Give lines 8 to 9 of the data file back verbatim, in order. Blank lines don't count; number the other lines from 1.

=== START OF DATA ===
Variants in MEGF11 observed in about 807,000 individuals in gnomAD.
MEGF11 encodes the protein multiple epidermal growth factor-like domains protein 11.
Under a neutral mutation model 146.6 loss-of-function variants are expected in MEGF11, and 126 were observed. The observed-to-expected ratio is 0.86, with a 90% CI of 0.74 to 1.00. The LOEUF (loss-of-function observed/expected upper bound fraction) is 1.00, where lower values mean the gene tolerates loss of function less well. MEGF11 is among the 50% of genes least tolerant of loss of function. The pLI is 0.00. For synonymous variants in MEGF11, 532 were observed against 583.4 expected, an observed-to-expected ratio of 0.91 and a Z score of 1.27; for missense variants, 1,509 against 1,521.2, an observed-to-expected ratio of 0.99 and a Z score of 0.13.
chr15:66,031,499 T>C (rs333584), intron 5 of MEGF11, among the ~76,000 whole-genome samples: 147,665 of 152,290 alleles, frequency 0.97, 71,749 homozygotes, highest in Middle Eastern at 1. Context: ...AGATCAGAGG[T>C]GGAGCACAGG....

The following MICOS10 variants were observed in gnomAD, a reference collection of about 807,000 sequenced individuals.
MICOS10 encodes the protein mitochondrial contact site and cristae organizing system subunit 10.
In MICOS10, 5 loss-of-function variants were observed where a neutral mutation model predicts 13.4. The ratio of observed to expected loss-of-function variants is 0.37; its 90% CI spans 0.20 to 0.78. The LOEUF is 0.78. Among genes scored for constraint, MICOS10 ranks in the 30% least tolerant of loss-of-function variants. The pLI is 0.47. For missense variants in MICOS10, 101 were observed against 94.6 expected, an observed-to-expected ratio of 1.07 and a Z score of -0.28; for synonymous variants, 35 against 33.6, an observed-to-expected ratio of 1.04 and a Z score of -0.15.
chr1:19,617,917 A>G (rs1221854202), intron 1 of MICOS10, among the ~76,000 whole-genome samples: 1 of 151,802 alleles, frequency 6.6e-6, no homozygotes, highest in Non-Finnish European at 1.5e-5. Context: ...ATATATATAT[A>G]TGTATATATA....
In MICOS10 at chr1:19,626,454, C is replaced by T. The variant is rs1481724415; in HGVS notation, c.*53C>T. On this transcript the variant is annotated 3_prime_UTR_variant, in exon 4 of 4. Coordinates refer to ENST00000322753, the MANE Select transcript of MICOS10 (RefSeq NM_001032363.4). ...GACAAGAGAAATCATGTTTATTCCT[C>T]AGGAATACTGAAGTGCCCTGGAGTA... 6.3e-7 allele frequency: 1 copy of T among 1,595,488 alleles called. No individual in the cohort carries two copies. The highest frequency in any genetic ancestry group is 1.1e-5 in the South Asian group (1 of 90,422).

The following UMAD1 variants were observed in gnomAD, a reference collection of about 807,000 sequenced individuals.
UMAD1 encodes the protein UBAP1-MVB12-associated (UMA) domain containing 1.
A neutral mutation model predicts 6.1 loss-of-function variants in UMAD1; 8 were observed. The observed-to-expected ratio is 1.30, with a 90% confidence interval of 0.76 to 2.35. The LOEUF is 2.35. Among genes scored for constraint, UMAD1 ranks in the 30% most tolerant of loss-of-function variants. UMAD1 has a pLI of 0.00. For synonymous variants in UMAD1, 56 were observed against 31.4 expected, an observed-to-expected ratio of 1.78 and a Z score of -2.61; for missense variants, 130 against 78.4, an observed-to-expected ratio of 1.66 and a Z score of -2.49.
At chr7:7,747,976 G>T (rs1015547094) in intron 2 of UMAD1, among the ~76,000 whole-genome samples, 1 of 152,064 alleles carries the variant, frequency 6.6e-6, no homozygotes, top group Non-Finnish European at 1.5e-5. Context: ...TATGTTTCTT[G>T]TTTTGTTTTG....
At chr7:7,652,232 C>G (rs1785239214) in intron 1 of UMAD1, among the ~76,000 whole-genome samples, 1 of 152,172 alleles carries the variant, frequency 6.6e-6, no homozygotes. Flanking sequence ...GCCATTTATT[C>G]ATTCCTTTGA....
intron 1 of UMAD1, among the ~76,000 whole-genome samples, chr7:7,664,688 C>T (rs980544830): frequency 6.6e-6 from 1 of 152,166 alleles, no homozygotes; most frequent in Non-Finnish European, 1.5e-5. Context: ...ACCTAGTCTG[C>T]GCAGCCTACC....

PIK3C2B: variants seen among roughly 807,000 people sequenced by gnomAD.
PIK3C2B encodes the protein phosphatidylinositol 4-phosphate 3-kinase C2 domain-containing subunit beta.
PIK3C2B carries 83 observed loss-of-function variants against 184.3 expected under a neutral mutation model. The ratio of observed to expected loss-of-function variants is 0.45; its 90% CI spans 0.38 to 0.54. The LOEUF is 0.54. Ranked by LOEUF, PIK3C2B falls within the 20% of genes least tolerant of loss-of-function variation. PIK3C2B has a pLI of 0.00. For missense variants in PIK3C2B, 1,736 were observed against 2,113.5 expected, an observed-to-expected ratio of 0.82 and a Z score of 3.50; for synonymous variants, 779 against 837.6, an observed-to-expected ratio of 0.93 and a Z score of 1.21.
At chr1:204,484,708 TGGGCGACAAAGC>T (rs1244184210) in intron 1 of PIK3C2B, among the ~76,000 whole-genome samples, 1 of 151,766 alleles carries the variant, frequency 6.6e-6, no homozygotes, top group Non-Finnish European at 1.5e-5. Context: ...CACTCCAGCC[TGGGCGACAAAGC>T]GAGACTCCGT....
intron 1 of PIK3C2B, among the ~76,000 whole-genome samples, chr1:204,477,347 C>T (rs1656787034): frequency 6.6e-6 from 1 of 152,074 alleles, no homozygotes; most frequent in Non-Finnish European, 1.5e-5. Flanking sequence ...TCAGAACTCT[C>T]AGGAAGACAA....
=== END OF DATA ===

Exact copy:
chr1:19,617,917 A>G (rs1221854202), intron 1 of MICOS10, among the ~76,000 whole-genome samples: 1 of 151,802 alleles, frequency 6.6e-6, no homozygotes, highest in Non-Finnish European at 1.5e-5. Context: ...ATATATATAT[A>G]TGTATATATA....
In MICOS10 at chr1:19,626,454, C is replaced by T. The variant is rs1481724415; in HGVS notation, c.*53C>T. On this transcript the variant is annotated 3_prime_UTR_variant, in exon 4 of 4. Coordinates refer to ENST00000322753, the MANE Select transcript of MICOS10 (RefSeq NM_001032363.4). ...GACAAGAGAAATCATGTTTATTCCT[C>T]AGGAATACTGAAGTGCCCTGGAGTA... 6.3e-7 allele frequency: 1 copy of T among 1,595,488 alleles called. No individual in the cohort carries two copies. The highest frequency in any genetic ancestry group is 1.1e-5 in the South Asian group (1 of 90,422).